Adding an aftermarket amplifier to your car audio system is a great way of adding more volume, detail, and depth to your music, especially when using a weak factory radio. However, most factory radios lack preamp outputs for connecting to an amp. Line-out converters help to connect an aftermarket amp to a factory radio by converting speaker-level outputs of a factory radio into RCA preamp-level for the amplifier. However, if your line-out converter is bad, you will not be able to get sound. In this article, we will show you how to tell if a line-out converter is bad.
Why Use a Line Out Converter?
It is often challenging and confusing to install an amplifier with a car factory radio. Most aftermarket amplifiers are often designed for use with unbalanced low-level inputs (RCA). Unfortunately, most factory radios are not designed to work with inputs from balanced inputs that come with aftermarket radios. With such a connection, there is a high risk of damaging the radio.
Also, most amps come with a basic resistive conversion from high-level to low-level signals. A line-out converter (LOC) takes a high-level input from a factory radio and converts it to a low-level RCA output that can be hooked to an aftermarket amp.
Symptoms of a Bad Line out Converter
Many car music lovers add a LOC to their car music system, especially when using a factory radio. Sometimes, the LOC can develop issues that may affect the music system. Here are the possible signs that your LOC is having problems:
- No sound is coming from the sub despite turning the amplifier on
- No sound coming from the speakers
- The signal is cutting out somewhere in the audio setup but other components seem good
- RCA cable breaks down
- Unexplainable problems with the subwoofer
- Problems with the factory radio
- Sound is fading as you drive
- The subwoofer is humming loudly
How to Tell If Line out Convertor Is Bad
If you suspect that your LOC is bad and you have noticed the aforementioned symptoms, you should test it to determine if it is indeed bad. To do this, set a multimeter to AC. Then turn on the multimeter. Play any song and check the sub-input terminal voltage. If there is any voltage present, it means your sub is not working properly. It is likely the LOC is not working.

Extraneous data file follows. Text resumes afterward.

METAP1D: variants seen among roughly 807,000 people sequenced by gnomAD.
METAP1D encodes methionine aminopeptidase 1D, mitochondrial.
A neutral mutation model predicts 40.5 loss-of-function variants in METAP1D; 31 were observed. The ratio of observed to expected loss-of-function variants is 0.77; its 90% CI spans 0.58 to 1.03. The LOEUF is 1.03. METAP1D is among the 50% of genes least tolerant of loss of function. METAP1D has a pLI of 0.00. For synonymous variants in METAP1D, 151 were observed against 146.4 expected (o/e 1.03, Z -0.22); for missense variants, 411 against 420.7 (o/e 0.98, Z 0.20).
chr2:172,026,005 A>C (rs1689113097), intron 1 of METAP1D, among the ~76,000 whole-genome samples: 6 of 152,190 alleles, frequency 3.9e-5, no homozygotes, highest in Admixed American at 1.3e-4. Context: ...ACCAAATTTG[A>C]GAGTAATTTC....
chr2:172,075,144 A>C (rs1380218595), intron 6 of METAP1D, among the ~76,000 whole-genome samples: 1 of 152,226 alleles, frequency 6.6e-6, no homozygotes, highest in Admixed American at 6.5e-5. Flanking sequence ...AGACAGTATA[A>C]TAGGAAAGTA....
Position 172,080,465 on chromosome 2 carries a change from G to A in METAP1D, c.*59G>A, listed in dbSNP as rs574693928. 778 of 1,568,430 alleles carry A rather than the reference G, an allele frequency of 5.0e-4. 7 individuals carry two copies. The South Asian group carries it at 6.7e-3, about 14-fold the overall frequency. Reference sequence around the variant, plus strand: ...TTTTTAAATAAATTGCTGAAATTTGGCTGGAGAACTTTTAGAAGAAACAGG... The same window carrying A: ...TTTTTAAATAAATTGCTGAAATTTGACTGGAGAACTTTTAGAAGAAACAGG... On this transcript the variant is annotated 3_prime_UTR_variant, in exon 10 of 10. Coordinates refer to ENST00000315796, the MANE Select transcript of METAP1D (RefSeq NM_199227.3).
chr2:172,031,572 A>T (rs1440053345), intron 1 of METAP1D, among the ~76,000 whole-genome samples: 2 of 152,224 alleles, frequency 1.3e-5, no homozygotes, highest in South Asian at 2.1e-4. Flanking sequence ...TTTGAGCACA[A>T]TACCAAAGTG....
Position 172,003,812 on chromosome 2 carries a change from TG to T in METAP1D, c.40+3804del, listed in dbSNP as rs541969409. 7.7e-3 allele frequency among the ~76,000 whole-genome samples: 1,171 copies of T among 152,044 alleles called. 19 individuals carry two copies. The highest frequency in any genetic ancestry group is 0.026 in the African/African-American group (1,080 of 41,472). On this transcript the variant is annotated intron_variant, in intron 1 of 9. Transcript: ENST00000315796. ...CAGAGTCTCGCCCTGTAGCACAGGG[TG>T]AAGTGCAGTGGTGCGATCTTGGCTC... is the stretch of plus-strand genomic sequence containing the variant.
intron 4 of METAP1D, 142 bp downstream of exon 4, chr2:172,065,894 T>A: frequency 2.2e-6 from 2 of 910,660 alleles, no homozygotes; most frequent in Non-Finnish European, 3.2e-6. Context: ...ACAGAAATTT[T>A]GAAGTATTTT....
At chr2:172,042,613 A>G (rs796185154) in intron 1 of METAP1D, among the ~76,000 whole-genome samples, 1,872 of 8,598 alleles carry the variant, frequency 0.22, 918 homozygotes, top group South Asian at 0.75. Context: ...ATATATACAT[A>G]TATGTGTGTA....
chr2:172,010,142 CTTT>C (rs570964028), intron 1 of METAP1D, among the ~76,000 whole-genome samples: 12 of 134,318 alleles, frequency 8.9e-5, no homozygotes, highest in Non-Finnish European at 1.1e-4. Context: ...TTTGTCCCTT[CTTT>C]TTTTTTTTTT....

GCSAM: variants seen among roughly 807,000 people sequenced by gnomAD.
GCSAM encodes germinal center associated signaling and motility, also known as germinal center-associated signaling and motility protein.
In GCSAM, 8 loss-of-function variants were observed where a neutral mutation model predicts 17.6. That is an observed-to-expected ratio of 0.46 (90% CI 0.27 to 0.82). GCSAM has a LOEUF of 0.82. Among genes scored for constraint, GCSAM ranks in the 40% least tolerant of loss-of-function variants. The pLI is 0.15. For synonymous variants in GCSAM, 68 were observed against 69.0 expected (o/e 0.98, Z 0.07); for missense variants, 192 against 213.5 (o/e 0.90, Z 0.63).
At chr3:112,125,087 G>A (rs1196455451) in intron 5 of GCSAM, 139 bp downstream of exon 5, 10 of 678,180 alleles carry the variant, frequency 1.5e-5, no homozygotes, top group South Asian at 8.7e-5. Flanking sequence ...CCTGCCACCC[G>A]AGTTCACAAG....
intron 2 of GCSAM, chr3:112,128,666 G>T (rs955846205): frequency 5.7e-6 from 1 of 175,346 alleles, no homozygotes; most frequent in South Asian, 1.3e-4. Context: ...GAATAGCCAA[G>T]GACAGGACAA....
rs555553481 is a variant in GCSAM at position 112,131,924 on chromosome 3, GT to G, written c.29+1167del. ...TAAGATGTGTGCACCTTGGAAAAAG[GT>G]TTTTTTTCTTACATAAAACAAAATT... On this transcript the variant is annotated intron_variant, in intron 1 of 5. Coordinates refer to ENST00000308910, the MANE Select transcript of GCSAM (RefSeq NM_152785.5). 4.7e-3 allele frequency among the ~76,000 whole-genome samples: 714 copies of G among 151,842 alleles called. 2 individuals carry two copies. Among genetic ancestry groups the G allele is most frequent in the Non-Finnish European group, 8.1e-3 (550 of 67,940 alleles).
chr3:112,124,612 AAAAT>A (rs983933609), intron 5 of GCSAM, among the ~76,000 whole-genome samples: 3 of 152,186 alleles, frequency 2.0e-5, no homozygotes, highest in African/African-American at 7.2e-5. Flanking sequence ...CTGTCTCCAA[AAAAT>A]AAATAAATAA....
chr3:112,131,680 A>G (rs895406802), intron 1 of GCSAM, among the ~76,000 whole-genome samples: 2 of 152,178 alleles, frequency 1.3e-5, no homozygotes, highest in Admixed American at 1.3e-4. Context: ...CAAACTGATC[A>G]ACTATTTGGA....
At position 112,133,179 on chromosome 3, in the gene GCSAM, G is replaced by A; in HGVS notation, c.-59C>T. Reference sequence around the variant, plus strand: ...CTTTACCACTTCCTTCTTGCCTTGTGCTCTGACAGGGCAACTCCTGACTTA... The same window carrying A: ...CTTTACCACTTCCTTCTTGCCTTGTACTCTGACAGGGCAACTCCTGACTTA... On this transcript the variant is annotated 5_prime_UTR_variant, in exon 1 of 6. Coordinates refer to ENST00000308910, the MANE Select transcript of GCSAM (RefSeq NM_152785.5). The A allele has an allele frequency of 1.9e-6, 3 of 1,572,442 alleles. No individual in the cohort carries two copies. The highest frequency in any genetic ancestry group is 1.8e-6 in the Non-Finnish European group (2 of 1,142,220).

How to Fix a Bad Line out Converter
If you suspect the problem is a bad RCA, you can try to fix the issue by replacing the RCA cable connecting the LOC to the amp. If that fixes the problem, then you are good to go. If that does not fix the problem, then you need to replace the LOC to resolve the issue.
If you have confirmed that the LOC does not have any issue and the amp is turned on, and the factory radio is outputting voltage but there is no audio or the audio is cutting out intermittently, it is likely that the factory radio has issues.
The issue might be caused by the LOC not putting a load on the factory radio speaker outputs. In this case, the high-level speaker line will not have any resistance. As a result, the amp might think there are no speakers hooked to it such that it will fail to output an audio signal or the audio output signal will drop out intermittently.
If you have installed a LOC but you are experiencing issues with the audio output, your car factory radio may require extra load for normal operation. You can track the factory radio to think that speakers are present whenever it thinks there are no speakers attached. To do this, install resistors across the negative and positive wires of the factory radio output. Then hook the other end of the resistors to the LOC input. That way, you will fix the resistance issue.
Should You Ground a Line out Converter?
Besides hooking a LOC between a factory radio and an aftermarket amp, you also need to connect it to the ground and constant power. That way, it will get the power it requires to turn on the circuitry and establish a reliable remote signal.
A line output convertor is an essential component of a car music system that uses a factory head unit. Most factory radios are not designed to output low-level signals for connection to an aftermarket amp. In such situations, adding a line-out converter helps to connect an aftermarket receiver to an aftermarket amplifier. However, if you experience problems with audio after installing a LOC, you need to know how to tell if the line-out converter is bad. That way, you will find it easier to fix the problem.
Michael Evanchuk is a San Francisco-based sound engineer with 20 years’ experience installing, troubleshooting, and repairing commercial, automotive, and household sound equipment. Evanchuk owns an auto stereo center, where he offers highly competitive car audio installation and repair services. He has written dozens of articles on different sound engineering topics, all of which have been published in leading journals, blogs, and websites.